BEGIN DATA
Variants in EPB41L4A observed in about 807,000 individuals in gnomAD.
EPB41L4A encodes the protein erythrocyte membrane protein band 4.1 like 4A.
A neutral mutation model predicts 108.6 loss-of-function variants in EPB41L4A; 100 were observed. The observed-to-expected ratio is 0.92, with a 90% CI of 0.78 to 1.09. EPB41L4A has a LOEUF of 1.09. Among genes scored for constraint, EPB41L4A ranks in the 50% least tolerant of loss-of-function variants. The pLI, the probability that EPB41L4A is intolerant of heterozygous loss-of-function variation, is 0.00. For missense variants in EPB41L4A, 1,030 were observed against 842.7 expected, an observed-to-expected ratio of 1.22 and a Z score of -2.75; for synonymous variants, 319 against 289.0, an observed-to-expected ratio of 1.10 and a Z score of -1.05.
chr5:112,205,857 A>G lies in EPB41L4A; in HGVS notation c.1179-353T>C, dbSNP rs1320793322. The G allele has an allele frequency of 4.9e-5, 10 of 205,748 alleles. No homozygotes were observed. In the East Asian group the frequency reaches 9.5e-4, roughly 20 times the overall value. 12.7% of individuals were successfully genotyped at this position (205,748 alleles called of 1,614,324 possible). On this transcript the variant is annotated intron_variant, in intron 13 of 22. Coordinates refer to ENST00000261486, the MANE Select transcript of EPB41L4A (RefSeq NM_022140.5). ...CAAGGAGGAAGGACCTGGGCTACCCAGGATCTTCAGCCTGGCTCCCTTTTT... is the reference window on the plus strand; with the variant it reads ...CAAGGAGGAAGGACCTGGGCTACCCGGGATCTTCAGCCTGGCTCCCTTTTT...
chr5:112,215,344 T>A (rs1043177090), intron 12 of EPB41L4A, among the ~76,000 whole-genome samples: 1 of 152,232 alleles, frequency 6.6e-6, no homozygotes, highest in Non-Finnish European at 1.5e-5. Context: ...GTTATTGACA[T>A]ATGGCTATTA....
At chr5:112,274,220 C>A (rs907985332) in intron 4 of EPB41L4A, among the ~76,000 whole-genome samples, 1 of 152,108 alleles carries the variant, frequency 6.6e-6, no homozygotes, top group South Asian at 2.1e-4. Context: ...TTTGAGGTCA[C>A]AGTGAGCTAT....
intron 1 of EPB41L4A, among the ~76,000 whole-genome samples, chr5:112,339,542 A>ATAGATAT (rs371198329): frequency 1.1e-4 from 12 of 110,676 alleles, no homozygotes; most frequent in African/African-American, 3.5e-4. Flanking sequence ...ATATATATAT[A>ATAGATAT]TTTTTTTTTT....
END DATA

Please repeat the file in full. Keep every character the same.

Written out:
Variants in EPB41L4A observed in about 807,000 individuals in gnomAD.
EPB41L4A encodes the protein erythrocyte membrane protein band 4.1 like 4A.
A neutral mutation model predicts 108.6 loss-of-function variants in EPB41L4A; 100 were observed. The observed-to-expected ratio is 0.92, with a 90% CI of 0.78 to 1.09. EPB41L4A has a LOEUF of 1.09. Among genes scored for constraint, EPB41L4A ranks in the 50% least tolerant of loss-of-function variants. The pLI, the probability that EPB41L4A is intolerant of heterozygous loss-of-function variation, is 0.00. For missense variants in EPB41L4A, 1,030 were observed against 842.7 expected, an observed-to-expected ratio of 1.22 and a Z score of -2.75; for synonymous variants, 319 against 289.0, an observed-to-expected ratio of 1.10 and a Z score of -1.05.
chr5:112,205,857 A>G lies in EPB41L4A; in HGVS notation c.1179-353T>C, dbSNP rs1320793322. The G allele has an allele frequency of 4.9e-5, 10 of 205,748 alleles. No homozygotes were observed. In the East Asian group the frequency reaches 9.5e-4, roughly 20 times the overall value. 12.7% of individuals were successfully genotyped at this position (205,748 alleles called of 1,614,324 possible). On this transcript the variant is annotated intron_variant, in intron 13 of 22. Coordinates refer to ENST00000261486, the MANE Select transcript of EPB41L4A (RefSeq NM_022140.5). ...CAAGGAGGAAGGACCTGGGCTACCCAGGATCTTCAGCCTGGCTCCCTTTTT... is the reference window on the plus strand; with the variant it reads ...CAAGGAGGAAGGACCTGGGCTACCCGGGATCTTCAGCCTGGCTCCCTTTTT...
chr5:112,215,344 T>A (rs1043177090), intron 12 of EPB41L4A, among the ~76,000 whole-genome samples: 1 of 152,232 alleles, frequency 6.6e-6, no homozygotes, highest in Non-Finnish European at 1.5e-5. Context: ...GTTATTGACA[T>A]ATGGCTATTA....
At chr5:112,274,220 C>A (rs907985332) in intron 4 of EPB41L4A, among the ~76,000 whole-genome samples, 1 of 152,108 alleles carries the variant, frequency 6.6e-6, no homozygotes, top group South Asian at 2.1e-4. Context: ...TTTGAGGTCA[C>A]AGTGAGCTAT....
intron 1 of EPB41L4A, among the ~76,000 whole-genome samples, chr5:112,339,542 A>ATAGATAT (rs371198329): frequency 1.1e-4 from 12 of 110,676 alleles, no homozygotes; most frequent in African/African-American, 3.5e-4. Flanking sequence ...ATATATATAT[A>ATAGATAT]TTTTTTTTTT....